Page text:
Raytheon Technologies Wins Hypersonic Missile Contract Worth $985M

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The United States Air Force (USAF) recently announced the awarding of a contract to Raytheon Technologies. Worth upwards of $985 million, this contract will focus on developing—and demonstrating—scramjet-powered hypersonic cruise missiles.

Most importantly, perhaps, the new contract will transition the Hypersonic Attack Cruise Missile, or HACM, program from the prototyping phase and towards basic operation as a combat weapon. In addition, the contract will cut the number of companies competing to finish such a weapon from three down to one. Last June (2021), the United States Air Force awarded three separate 15-month SCIFiRE contracts to Boeing, Lockheed Martin, and Raytheon to work on preliminary hypersonic cruise missile designs.

The company that won the contract and to continue on from this initial round of conception was Raytheon Technologies, who will go on to provide the USAF with its HACM program design. This will allow the military agency to prepare it for integration into fighter aircraft. The hope is that the weapon will be soon available for combat operations.

The USAF has also explained that their plan for the new HACM will be as an air-launched standoff weapon with the capability of hitting high-value targets in hotly contested combat environments. As an air-launch ballistic, the weapon could be fired remotely, from far outside the reach of enemy air defense operations. At the end of the day, the agency hopes to be able to use a functional HACM weapon in combat situations by fiscal year 2027.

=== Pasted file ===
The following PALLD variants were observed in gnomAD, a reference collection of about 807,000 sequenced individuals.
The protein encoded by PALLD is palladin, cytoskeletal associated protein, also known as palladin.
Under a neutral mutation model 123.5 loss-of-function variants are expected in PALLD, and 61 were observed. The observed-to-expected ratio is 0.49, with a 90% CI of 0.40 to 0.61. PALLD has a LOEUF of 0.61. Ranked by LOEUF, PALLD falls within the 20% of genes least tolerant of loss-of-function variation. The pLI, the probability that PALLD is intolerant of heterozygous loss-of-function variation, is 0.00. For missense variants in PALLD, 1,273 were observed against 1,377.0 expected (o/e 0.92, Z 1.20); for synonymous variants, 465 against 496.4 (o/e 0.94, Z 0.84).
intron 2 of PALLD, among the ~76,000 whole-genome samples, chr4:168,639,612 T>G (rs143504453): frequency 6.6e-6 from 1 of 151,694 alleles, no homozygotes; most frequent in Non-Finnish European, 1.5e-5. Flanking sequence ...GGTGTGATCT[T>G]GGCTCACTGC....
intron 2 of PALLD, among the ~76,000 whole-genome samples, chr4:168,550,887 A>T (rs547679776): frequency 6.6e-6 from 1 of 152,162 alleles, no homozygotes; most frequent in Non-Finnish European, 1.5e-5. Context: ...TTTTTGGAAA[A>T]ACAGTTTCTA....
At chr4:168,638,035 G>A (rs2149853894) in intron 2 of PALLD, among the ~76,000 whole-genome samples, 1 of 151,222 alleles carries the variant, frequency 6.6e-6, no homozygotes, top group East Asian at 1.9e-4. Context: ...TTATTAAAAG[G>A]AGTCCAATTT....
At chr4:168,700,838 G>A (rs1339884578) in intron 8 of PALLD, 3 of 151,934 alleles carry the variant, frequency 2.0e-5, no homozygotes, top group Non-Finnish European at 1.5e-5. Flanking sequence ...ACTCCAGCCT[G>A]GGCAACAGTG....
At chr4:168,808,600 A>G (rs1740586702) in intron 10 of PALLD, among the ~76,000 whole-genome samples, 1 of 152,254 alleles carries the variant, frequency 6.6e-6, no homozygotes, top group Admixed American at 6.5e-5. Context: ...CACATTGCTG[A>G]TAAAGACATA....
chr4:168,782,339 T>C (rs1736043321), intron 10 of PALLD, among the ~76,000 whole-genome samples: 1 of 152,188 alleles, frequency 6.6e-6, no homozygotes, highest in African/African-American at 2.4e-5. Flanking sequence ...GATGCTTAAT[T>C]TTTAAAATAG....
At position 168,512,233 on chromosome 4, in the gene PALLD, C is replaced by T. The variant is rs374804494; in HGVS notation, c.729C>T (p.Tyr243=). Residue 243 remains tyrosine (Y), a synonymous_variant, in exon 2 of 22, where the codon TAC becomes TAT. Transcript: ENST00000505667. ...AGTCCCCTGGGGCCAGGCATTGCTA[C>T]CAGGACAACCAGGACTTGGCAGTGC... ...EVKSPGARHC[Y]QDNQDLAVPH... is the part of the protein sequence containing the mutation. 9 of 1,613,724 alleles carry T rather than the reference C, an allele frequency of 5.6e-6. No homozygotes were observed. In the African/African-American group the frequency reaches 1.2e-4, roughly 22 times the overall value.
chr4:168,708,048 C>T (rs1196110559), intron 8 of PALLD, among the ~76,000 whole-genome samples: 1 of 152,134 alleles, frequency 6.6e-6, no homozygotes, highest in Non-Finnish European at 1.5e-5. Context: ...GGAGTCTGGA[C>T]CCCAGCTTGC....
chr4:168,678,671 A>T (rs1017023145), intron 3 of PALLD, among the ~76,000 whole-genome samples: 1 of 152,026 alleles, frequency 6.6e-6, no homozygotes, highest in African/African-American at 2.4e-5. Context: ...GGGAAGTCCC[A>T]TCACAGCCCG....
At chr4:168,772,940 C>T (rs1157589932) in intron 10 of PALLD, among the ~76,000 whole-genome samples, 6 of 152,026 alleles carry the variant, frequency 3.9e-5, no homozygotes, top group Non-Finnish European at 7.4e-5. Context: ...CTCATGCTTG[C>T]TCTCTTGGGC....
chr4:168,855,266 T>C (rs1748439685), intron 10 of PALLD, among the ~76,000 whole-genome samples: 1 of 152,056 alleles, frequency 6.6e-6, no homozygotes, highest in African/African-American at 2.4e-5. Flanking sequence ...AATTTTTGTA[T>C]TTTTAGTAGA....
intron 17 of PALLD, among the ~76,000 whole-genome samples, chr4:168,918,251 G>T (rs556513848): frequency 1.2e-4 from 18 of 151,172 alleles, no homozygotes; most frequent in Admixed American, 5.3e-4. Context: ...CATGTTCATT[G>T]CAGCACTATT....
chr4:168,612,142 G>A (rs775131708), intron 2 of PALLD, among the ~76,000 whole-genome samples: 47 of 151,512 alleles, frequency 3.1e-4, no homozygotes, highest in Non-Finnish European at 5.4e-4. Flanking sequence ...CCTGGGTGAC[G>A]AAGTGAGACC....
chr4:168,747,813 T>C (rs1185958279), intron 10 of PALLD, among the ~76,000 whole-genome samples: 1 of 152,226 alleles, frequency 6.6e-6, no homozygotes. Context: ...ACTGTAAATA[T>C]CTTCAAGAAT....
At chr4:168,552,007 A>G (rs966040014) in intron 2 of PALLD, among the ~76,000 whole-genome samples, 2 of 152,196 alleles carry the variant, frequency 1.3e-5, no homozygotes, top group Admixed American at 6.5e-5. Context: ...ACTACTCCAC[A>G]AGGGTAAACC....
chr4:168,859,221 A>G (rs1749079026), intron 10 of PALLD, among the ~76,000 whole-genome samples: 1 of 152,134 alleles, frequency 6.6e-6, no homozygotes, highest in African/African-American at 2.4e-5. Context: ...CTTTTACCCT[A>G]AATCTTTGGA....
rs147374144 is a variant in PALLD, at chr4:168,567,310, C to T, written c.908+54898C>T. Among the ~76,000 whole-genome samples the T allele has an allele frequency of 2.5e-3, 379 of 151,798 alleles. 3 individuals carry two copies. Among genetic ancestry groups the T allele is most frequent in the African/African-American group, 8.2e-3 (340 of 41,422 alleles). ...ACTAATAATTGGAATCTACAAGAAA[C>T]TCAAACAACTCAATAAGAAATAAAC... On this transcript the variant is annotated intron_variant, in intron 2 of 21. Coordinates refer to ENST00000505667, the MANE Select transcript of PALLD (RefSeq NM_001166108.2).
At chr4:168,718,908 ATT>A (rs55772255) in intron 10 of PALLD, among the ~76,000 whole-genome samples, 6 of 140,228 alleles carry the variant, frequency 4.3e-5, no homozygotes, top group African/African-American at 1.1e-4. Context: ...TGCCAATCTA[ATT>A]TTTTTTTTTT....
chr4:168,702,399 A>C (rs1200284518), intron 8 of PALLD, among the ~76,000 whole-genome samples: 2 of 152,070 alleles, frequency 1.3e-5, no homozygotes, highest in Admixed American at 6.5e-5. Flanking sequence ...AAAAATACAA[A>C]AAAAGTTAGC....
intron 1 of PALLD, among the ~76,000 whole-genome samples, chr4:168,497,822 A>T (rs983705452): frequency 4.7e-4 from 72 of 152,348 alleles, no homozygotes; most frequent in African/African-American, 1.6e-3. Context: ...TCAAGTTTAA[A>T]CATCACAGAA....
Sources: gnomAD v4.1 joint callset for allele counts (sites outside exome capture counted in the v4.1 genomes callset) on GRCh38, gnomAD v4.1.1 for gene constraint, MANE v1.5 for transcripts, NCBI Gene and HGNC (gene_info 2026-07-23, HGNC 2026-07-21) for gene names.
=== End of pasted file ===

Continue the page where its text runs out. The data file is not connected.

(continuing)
Indeed, as USAF Chief of Staff of Gen. CQ Brown notes, “HACM is a powerful example of developing and integrating combat capabilities alongside our partners from the beginning. HACM will provide our commanders with tactical flexibility to employ fighters to hold high-value, time-sensitive targets at risk, while maintaining bombers for other strategic targets.”

Hypersonic weapons—including the HACM—can fly through the air at several times the speed of sound, hence their name. What is more attractive about them, however, is the fact that they can make mid-flight maneuvers, which means they are harder for enemies to track and defend than other types of ballistics.